Coolest Birds in Colombia and Where to Spot Them Uncover Colombia

Coolest Birds in Colombia and Where to Spot Them

November 20, 2018, 6:12 pm

Birding is a really subjective hobby. On one hand, you have the hard-core birders, the ones who have seen thousands of species and are only interested in spotting rare antbirds skulking in the undergrowth. On the other hand, there are the hobbyists, casual birders who only really care if they see something beautiful (I like to think I’m right in the sweet-spot between the two, but I may secretly be more of the former).

Colombia has something to offer both kinds of birder, but some species – I’m thinking toucans, hummingbirds, flamingos – are far more emotive and exciting than others. So here’s a list of the coolest Colombian bird species and where to spot them:

birding in Colombia


Colombia is home to many different species of toucan, toucanet, and aracari (all of which are collectively part of the toucan family), and very few of them are rare and hard to spot. The best place to see large toucans (with the heavy bills, like the Guinness bird) is Minca, where you can often spot the attractive Keel-billed Toucan in treetops at dawn, and the Amazon regions, where Channel-billed and White-throated Toucans are generally common. And, let’s face it, who doesn’t want to see a toucan, birder or not!


Colombia has more species of hummingbird than any country on earth, with over 150 and counting. Seeing a hummingbird in Colombia isn’t tricky- they visit flowers in Bogota gardens – but to get really up-close-and-personal with the buzzing little birds you can visit one of the country’s excellent hummingbird observatories. The best of these are the Observatorio de Colibries near La Calera, El Jardin Encantado in San Francisco, and Acaime on the Cocora Valley hike near Salento.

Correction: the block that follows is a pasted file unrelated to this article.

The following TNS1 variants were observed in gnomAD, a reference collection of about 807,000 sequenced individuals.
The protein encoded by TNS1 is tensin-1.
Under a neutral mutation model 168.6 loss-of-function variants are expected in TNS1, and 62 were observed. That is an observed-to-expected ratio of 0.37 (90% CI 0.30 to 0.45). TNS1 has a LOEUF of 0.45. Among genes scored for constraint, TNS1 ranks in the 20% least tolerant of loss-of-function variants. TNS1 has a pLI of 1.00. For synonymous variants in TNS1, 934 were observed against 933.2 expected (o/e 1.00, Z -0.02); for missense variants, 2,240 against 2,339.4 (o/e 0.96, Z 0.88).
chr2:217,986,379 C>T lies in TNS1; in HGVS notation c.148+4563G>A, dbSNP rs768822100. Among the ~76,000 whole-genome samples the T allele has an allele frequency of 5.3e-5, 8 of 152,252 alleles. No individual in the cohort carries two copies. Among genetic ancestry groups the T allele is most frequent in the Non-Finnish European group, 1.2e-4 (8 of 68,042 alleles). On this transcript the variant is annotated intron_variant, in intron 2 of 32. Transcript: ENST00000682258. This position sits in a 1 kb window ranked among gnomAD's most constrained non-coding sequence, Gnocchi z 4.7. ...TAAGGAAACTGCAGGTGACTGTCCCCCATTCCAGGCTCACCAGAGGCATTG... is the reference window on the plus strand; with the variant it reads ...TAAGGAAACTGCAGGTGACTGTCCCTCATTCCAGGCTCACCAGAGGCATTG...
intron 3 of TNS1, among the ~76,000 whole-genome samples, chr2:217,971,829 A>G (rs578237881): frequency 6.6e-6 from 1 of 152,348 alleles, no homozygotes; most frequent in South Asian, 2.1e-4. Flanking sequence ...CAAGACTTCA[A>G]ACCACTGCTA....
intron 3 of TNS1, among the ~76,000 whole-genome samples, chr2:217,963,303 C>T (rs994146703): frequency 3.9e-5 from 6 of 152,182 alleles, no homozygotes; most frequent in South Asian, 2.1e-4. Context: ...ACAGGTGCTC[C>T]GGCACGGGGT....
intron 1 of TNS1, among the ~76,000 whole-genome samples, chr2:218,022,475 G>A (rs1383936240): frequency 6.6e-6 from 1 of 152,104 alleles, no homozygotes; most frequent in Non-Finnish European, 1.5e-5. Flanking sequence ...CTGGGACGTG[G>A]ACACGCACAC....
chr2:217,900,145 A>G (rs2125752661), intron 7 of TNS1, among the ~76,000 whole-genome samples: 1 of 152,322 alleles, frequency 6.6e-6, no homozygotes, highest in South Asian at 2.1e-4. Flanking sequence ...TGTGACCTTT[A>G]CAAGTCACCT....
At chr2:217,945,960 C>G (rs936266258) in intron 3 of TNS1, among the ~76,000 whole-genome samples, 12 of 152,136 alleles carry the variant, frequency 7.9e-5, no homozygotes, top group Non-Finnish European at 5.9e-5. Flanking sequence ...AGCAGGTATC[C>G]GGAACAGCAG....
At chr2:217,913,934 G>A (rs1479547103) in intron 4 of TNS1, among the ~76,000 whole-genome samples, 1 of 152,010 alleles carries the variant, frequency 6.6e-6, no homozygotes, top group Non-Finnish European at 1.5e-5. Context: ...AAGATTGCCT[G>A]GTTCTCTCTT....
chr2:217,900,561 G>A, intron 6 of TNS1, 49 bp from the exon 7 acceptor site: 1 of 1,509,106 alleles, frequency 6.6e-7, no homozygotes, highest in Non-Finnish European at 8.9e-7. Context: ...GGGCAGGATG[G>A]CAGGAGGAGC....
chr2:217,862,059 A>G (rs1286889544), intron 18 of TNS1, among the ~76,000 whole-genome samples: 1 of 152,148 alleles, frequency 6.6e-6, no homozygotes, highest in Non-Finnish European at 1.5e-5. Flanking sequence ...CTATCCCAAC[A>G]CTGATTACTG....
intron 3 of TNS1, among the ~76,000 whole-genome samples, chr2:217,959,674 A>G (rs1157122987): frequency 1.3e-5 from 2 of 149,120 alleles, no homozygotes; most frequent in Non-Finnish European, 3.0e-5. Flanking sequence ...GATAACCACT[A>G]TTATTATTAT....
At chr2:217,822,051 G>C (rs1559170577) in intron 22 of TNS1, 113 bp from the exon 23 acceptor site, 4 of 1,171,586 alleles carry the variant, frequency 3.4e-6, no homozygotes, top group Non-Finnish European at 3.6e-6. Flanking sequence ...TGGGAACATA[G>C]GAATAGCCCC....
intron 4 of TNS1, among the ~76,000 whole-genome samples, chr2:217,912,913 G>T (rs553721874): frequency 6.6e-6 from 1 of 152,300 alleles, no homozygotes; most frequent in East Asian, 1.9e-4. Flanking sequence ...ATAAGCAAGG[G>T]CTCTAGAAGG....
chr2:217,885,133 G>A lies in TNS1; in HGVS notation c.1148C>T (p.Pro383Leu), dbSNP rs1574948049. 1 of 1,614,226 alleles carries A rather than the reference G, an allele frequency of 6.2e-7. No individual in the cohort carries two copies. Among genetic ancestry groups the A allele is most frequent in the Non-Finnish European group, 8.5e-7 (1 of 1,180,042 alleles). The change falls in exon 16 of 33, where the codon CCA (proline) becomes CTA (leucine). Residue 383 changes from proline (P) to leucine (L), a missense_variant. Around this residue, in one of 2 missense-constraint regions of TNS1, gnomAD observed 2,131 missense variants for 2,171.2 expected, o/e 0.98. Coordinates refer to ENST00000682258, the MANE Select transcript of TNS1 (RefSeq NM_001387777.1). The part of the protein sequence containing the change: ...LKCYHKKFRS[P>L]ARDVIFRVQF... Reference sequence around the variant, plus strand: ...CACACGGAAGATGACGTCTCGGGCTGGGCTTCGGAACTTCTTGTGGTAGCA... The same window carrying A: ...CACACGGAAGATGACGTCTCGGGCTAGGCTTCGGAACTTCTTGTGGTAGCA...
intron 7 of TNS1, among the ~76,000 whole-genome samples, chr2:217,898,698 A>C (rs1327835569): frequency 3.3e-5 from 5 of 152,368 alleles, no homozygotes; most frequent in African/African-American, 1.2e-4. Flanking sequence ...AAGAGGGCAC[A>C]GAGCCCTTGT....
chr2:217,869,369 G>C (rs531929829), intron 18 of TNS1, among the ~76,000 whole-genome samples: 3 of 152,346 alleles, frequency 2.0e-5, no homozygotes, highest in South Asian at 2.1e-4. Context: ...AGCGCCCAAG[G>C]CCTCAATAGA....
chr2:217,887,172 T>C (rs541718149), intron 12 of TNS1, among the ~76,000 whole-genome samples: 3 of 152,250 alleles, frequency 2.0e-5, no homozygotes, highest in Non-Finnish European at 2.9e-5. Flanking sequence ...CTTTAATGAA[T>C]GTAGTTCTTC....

There are two species of cock-of-the-rock and they are both, conveniently enough, found in Colombia. The simpler of the two species to see is the Andean Cock-of-the-rock which, although typically shy and retiring, can be seen almost embarrassingly easily at a display site just outside the pretty southern Antioquia town of Jardin. The other species – the much more orange Guianan Cock-of-the-rock is restricted to rocky jungle outcrops, but can be seen with some effort near San Jose del Guaviare, Mitu, or in Tuparro National Park in Vichada department.

birding in Colombia


Flamingos are pretty much amazing to everyone, and there are very few people who would turn down the chance to see one in the flesh (and beak and feathers). Luckily, there’s a spot on the Colombian Caribbean coast where they can be seen easily. The Los Flamencos Sanctuary is located near the fishing village of Camarones in La Guajira department, and is home to a large population of the comical pink birds. You can hire a local boatman to sail out on the brackish coastal lagoon where they live for nice close views.


The iconic Resplendent Quetzal, with its ludicrously long tail feathers, sadly doesn’t reside in Colombia; however, there are four species of these bright red and green birds to spot in this country. Heard much more than they are seen, Quetzals tend to inhabit dense cloud forests, with the exception of the shy Pavonine Quetzal, which is restricted to Amazonian regions (and is best seen around Mitu or at La Isla Escondida Reserve near Orito in Putumayo). The most easy to see is the Golden-headed Quetzal, which is present on the slopes of all three Andean ranges (try Recinto del Pensamiento near Manizales for a good chance at spotting one), while the most wanted by birders is the near-endemic White-tipped Quetzal, which is usually fairly easy to pick up around El Dorado Reserve above Minca. The fourth species, the Crested Quetzal, is trickier, but can be seen in the woods of Chicoral near Cali.  

Our Colombia birding tours take you to many of the destinations where these cool birds are found. Learn more about our birding tours in Colombia on our birding tour page. 

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Chris Bell

Chris Bell

Chris Bell is a British travel journalist who has been exploring Colombia for four years as the editor of the award-winning Colombia Travel Blog. He has visited 30 of Colombia's 32 departments (those last two are just around the corner), and was named by El Espectador newspaper as "the Englishman who teaches you to travel in Colombia." His main passion, aside from exploring Colombia, is birding - his Colombia list is already approaching 800 species. Chris' 2017 goals: 32 departments and 1,000 species! 

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